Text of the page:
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Thanks AvsGirl41. I'd LOVE to read your paper- I really would! I go to the library and check out stuff like that all the time to read just for fun. I'm a real history buff.

I also want to add that when I say I salute everyone who fought or died, I mean ALL countries, not just any one country or one side. Everyone who ever fought in any war were doing what they had to do and all their lives were worth something. So I salute everyone except anyone who purposely killed innocent civilians like the Red Army in Russia's Revolution and Civil War. They even shot the Tsar's kids.
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Old 11-11-2003, 03:01 PM   #9
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If it comes out readable, I will send you a copy. I have a stack of books I checked out at the beginning of the semester and I haven't even begun to open them yet--too many other papers.
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Old 11-11-2003, 03:07 PM   #10
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Thanks! Good luck with your paper!
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Old 11-11-2003, 03:10 PM   #11
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Bent double, like old beggars under sacks,
Knock-kneed, coughing like hags, we cursed through sludge,
Till on the haunting flares we turned out backs,
And towards our distant rest began to trudge.
Men marched asleep. Many had lost their boots,
But limped on, blood-shod. All went lame, all blind;
Drunk with fatigue; deaf even to the hoots
Of gas-shells dropping softly behind.

Gas! GAS! Quick, boys!--An ecstasy of fumbling
Fitting the clumsy helmets just in time,
But someone still was yelling out and stumbling
And flound'ring like a man in fire or lime.--
Dim through the misty panes and thick green light,
As under a green sea, I saw him drowning.

In all my dreams before my helpless sight
He plunges at me, guttering, choking, drowning.

If in some smothering dreams, you too could pace
Behind the wagon that we flung him in,
And watch the white eyes writhing in his face,
His hanging face, like a devil's sick of sin,
If you could hear, at every jolt, the blood
Come gargling from the froth-corrupted lungs
Bitter as the cud
Of vile, incurable sores on innocent tongues,--
My friend, you would not tell with such high zest
To children ardent for some desperate glory,
The old Lie: Dulce et decorum est
Pro patria mori.
By Wilfred Owen (1893-1918)

"Wilfred Edward Salter Owen was born on March 18, 1893. He was on the Continent teaching until he visited a hospital for the wounded and then decided, in September, 1915, to return to England and enlist. "I came out in order to help these boys-- directly by leading them as well as an officer can; indirectly, by watching their sufferings that I may speak of them as well as a pleader can. I have done the first" (October, 1918).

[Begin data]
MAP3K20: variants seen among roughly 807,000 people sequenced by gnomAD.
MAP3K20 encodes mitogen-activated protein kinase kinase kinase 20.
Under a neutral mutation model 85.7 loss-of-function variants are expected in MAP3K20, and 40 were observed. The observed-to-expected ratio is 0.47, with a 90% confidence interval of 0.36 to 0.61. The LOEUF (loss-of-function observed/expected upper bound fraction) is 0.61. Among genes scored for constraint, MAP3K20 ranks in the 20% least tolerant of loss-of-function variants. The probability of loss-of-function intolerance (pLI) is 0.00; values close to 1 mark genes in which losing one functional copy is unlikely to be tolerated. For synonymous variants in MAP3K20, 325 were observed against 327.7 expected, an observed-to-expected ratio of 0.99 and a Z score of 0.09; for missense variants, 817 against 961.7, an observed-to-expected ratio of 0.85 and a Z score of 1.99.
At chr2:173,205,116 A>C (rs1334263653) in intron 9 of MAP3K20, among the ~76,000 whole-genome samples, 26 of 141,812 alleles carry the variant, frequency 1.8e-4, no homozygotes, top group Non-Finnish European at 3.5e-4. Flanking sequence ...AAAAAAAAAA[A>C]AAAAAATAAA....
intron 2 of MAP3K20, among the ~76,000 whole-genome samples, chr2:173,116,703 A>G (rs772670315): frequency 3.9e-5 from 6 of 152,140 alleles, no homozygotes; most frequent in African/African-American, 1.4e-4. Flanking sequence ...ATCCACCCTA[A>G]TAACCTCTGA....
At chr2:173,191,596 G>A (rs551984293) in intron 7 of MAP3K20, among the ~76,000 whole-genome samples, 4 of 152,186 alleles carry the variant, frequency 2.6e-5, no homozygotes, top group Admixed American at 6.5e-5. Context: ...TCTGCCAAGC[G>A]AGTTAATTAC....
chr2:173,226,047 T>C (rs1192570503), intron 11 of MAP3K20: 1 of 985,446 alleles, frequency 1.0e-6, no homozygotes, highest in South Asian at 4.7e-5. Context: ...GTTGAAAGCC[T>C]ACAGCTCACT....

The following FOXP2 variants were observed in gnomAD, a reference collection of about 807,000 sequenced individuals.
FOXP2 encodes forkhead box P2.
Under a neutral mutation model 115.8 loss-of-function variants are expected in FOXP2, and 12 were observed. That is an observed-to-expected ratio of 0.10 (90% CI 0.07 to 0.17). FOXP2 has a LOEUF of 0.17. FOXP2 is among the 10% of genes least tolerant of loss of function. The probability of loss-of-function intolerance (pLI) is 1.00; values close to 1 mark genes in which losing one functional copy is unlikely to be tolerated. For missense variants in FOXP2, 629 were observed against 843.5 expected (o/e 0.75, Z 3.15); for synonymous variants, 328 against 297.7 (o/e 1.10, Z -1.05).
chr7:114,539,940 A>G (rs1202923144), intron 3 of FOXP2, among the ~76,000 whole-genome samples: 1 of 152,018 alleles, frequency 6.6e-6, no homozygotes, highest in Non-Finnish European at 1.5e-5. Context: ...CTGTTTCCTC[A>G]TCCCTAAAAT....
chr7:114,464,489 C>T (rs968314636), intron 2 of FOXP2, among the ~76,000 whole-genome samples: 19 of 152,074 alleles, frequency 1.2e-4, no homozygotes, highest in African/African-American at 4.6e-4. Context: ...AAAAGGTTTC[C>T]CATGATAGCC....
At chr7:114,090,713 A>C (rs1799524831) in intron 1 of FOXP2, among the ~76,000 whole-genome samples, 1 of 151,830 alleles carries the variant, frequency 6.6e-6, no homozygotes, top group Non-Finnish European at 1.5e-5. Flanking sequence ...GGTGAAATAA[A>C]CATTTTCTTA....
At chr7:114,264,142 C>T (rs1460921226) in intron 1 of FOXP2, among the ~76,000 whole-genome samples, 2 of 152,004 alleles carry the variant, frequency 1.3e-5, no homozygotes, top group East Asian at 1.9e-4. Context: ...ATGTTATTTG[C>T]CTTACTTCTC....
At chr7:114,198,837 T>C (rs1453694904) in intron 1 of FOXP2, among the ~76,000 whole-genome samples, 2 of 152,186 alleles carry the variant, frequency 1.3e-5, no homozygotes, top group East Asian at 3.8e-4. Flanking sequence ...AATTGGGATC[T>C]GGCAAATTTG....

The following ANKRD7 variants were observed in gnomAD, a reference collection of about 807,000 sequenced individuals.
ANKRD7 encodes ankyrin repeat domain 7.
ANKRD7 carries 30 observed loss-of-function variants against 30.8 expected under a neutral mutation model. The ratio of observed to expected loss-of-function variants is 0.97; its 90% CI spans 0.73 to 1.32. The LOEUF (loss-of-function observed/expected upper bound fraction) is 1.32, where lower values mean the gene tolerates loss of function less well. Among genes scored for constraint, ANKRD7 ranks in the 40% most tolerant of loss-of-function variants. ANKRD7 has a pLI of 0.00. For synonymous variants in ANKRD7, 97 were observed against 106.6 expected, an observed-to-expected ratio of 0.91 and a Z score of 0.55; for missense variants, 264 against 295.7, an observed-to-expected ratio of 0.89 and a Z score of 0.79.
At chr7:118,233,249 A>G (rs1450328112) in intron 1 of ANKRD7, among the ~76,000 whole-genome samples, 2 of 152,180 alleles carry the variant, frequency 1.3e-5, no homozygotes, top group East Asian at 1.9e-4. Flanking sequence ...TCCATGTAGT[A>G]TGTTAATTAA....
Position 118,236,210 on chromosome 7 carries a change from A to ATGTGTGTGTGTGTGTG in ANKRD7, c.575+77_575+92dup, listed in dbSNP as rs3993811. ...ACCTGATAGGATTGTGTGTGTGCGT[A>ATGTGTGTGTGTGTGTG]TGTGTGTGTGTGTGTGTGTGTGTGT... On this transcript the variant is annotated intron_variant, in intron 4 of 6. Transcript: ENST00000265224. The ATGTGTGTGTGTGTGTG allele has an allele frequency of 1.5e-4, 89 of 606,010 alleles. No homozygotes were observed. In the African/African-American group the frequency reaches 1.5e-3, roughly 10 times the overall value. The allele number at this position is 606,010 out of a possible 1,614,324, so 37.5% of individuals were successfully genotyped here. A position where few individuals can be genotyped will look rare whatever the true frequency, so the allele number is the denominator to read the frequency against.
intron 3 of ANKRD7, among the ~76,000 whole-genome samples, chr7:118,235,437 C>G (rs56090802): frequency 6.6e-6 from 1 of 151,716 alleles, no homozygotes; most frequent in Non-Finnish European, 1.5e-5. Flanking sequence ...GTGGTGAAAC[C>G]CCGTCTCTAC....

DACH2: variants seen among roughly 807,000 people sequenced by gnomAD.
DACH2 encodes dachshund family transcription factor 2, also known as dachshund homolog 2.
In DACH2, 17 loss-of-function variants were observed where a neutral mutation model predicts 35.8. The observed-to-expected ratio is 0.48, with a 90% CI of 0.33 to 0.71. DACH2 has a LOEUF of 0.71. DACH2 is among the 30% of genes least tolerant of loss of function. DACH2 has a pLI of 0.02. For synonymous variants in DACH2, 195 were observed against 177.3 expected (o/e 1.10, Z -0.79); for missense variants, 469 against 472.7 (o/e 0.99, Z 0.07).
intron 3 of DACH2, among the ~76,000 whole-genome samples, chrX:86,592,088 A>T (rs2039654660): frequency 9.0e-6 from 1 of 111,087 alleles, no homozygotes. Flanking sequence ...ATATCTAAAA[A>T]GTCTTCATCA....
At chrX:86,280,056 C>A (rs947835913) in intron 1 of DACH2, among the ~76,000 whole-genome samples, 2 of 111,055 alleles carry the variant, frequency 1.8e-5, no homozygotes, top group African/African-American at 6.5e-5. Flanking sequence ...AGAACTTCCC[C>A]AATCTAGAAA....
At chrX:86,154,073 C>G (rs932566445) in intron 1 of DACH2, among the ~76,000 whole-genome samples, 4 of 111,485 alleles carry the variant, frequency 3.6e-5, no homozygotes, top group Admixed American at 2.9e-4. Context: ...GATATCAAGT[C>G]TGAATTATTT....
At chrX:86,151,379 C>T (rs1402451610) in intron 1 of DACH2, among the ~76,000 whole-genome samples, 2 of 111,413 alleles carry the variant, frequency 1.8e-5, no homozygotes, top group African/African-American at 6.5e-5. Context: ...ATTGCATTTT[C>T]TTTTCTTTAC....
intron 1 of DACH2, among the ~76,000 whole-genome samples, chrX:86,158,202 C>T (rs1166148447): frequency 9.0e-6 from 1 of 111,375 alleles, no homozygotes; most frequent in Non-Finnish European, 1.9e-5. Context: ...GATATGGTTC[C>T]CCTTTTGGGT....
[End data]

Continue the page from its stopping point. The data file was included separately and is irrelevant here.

Owen was injured in March 1917 and sent home; he was fit for duty in August, 1918, and returned to the front. November 4, just seven days before the Armistice, he was caught in a German machine gun attack and killed. He was twenty-five when he died.

The bells were ringing on November 11, 1918, in Shrewsbury to celebrate the Armistice when the doorbell rang at his parent's home, bringing them the telegram telling them their son was dead. "

Brings it all home, really.
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Old 11-11-2003, 03:15 PM   #12
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You're right U2Kitten. So much of the crud that's gone down in the past century can be traced to WWI and its so-called Versailles peace treaty. Some of the stuff that happened in the Middle East after the collapse of the Ottoman Empire is pretty regrettable stuff too. Pretty hot-button stuff, I hope this post doesn't get me fried.
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Old 11-11-2003, 03:19 PM   #13
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Right Verte! I was just telling a friend about this today and he told me I should have added the Ottoman Empire middle east stuff because it happened because of that too! Thanks!\

Don't worry about frying, I'm the one who made this a FYM thread If we don't fry together we will most surely fry seperately

ST's idea was good and her tribute is beautiful. I just couldn't help thinking about all the tragedies that have befallen the world since that 11th hour of the 11th day of the 11th month in 1918.
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Old 11-11-2003, 03:37 PM   #14
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at the going down of the sun, and in the morning....

My grandfather returned from Flanders
My father return from the Middle East.
My bro-in-law is currently serving.
I think of them often
and all the victims of war

I was in Queen Street Brisbane yesterday, 11am, 11th November. I didn't see one person who appeared to notice the time. I was disappointed.
Lest We Forget..
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Old 11-11-2003, 03:37 PM   #15
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I salute my late Father and my brother (living) for being Veterans in two different wars.

Into the heart of a child...